This is a great news because it includes GWT Designer, the famous (and only so far) graphical designer for GWT… It’s the perfect complement to the Google plugin for Eclipse.
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If you don’t know yet, SmartGWT is a cool GWT tookit made by Sanjiv Jivan (the guy who wrote GWT-ext). It is primarily intended to build SmartClient frontends, but it is also available standalone under LGPL license. SmartGWT is fast becoming a strong alternative to GWT-ext (stuck because of license issues) and Ext-GWT (very buggy and full of bad design choices).
SmartGWT 2.1 is out with lots of novelties.
When I’m talking date processing, I mean simple calendar date (not time) operations, like: get today’s date, add a number of days, compute the number of days between two dates, etc. The original sin, so to speak, is that Java doesn’t have a class to represent a day; Java’s Date class is actually more like a timestamp: it encapsulates a moment in time (with a millisecond precision) stored as the number of milliseconds to/from the moment called “epoch”, which is arbitrarily fixed at January 1, 1970, 00:00:00 GMT.
The methods related to date components (day of month, month, year, etc.) have all been deprecated since the apparition of the Calendar class (JDK 1.1). The trouble is, Calendar isn’t available in GWT’s JRE emulation library. So what do most programmers do? They use the deprecated methods of class Date. For example to create a Date that corresponds to a given day, they would use new Date(y, m, d). Well it’s deprecated, but it works, right?
Actually, if you might not notice this problem if all you do is manipulate local dates that were created on the client-side; the problem really becomes a nightmare when you mix locally instanciated dates with serialized dates from the server.
We’ve spent an incredible amount of energy and time to work around this issue, which is made worse by GXT’s DateWrapper and DateTextField. The awkward but kind-of working solution that we use now is to subtract Date.getTimezoneOffset() from Date.getTime() in order to “cancel out” the client’s time zone and DST. Not pretty.
If I had to do my current project again, I would definitely stay away from the Date type on the client side. As primitive as it may sound, if I have to manipulate dates without a time part, I would stick to using a (day, month, year) triplet and do as little date calculations on the client-side as possible.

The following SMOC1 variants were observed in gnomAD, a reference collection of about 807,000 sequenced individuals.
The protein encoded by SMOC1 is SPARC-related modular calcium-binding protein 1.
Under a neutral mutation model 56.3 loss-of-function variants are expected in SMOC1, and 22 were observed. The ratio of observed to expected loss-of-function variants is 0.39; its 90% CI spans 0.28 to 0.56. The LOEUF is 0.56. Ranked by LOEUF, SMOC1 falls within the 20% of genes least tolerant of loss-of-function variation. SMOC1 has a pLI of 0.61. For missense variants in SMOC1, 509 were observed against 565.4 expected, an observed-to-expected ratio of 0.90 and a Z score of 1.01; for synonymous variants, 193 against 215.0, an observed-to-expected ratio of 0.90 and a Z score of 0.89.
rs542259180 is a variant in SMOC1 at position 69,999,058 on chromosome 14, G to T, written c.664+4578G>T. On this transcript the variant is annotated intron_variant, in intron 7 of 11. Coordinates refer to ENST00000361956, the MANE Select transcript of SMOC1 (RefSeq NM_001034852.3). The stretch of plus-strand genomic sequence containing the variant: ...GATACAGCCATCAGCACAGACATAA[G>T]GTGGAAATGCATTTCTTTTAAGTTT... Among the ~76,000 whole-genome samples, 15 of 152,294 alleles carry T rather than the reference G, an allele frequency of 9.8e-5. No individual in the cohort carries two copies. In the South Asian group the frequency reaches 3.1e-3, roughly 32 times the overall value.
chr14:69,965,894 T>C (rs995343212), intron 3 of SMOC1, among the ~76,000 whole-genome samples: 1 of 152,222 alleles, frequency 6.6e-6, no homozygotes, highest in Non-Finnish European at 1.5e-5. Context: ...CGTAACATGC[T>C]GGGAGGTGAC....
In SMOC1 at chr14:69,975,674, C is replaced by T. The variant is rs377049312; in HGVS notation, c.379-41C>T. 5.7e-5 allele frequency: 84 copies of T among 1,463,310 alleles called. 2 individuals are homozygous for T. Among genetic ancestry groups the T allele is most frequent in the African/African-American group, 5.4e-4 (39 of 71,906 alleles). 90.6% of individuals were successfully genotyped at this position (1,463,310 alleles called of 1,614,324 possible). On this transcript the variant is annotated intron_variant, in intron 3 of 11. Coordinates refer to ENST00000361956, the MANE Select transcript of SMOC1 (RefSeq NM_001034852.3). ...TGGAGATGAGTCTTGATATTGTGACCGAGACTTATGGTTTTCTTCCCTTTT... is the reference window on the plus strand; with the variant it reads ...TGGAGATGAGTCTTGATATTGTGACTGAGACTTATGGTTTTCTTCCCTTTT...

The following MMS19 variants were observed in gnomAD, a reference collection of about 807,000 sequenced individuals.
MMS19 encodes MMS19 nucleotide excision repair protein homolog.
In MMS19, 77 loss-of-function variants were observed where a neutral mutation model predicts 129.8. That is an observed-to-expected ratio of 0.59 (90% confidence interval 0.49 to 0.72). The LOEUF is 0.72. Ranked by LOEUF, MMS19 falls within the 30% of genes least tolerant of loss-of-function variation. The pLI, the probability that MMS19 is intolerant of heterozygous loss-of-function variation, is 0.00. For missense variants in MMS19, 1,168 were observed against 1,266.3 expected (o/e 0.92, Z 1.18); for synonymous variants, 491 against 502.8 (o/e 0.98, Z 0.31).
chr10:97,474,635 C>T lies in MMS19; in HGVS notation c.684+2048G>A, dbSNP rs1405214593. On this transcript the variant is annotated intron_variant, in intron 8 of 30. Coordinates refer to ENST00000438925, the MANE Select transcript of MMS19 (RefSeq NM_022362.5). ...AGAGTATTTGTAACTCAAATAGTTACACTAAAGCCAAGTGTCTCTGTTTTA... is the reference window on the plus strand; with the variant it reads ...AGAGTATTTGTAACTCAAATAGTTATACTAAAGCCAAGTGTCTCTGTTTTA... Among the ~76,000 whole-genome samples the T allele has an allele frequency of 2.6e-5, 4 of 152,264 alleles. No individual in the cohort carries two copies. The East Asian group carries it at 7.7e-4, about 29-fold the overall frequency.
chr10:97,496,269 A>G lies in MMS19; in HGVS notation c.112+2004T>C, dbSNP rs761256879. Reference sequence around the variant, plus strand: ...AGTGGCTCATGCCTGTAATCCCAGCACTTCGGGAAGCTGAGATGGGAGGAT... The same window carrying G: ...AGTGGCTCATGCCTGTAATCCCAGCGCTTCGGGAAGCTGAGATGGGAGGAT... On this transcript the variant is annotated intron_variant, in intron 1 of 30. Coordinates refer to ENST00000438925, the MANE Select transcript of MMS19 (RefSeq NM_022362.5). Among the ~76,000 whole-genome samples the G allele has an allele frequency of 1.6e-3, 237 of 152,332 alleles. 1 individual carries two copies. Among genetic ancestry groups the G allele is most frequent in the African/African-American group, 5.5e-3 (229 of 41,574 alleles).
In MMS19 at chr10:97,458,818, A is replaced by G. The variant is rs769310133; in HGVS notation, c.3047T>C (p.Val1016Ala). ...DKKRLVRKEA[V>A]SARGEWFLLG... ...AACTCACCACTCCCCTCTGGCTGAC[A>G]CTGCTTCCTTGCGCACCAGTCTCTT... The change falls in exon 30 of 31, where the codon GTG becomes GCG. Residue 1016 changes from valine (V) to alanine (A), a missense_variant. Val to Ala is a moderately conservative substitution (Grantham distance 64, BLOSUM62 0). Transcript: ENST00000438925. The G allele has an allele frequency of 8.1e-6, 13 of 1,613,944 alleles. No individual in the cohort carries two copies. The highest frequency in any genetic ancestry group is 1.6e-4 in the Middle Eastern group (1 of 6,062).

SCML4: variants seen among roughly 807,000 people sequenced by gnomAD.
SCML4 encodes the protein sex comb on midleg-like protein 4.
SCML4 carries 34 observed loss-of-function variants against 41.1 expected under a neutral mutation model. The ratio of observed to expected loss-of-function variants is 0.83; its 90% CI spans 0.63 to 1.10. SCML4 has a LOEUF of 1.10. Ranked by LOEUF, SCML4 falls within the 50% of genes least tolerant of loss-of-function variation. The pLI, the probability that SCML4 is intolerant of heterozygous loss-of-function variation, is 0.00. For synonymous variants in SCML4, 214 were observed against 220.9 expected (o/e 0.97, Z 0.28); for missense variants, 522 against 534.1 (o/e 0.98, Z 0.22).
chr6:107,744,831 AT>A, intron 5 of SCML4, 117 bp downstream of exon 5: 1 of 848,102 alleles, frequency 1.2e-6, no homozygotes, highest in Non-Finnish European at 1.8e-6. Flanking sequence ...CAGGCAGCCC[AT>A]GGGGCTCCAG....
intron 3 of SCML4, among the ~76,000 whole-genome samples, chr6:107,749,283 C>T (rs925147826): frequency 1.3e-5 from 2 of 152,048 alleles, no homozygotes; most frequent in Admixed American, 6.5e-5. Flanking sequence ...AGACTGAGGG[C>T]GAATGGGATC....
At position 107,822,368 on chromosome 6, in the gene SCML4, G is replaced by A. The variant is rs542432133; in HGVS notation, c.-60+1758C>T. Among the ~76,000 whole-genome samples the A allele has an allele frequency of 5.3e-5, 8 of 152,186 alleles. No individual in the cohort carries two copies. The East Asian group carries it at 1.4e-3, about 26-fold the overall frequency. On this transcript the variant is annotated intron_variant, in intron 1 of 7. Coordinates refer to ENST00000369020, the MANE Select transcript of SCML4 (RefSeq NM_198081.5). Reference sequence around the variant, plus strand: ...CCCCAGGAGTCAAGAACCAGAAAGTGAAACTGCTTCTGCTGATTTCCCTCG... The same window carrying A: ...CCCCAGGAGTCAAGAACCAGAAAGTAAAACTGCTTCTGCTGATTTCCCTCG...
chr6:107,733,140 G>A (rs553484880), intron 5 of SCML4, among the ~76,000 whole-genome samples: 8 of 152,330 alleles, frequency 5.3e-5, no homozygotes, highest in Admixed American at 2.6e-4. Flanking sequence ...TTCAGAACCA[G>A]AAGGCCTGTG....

You’ve been warned!
While exploring the code samples that come with Palm’s SDK for webOS (named Mojo), I was pleasantly surprised to see that one of the samples (MojoMsgSample) uses GWT and the Google App Engine for the “cloud” part of the sample! It’s a basic publish/subscribe app, but still it’s nice to find oneself in known territory…
BTW, has anyone attempted to wrap the Mojo SDK in GWT? I’d be thrilled to be able to write webOS apps in GWT
Finally, as anticipated Google set the “release” tag on GWT 2.0 and announced it at its Campfire One event yesterday. In addition to the well-known major new features (development mode, Code splitting, UiBinder, ResourceBundle), Google comes with a new tool named Speedtracer to measure the performance of Ajax applications inside the browser. SpeedTracer is only available for Chrome at the moment, unfortunately only on platforms where extensions are supported,
which means not on Mac currently (actually it does work on Macs, see comments to this post)…
The online docs have been updated and are still IMHO a model of how online documentation for a project should be done: clear, concise, well structured, complete yet progressive, with examples… it’s almost fun to read. I wish every project had docs like this.
GWT 2.0 RC2 is available from this link. The Google plugin for Eclipse has been updated as well to 1.2 RC2
Caution Windows users who installed the IE plugin, you’ll have to uninstall it and install a new version (details there).
The same day as GWT 2.0 RC1, that has to be a good sign…
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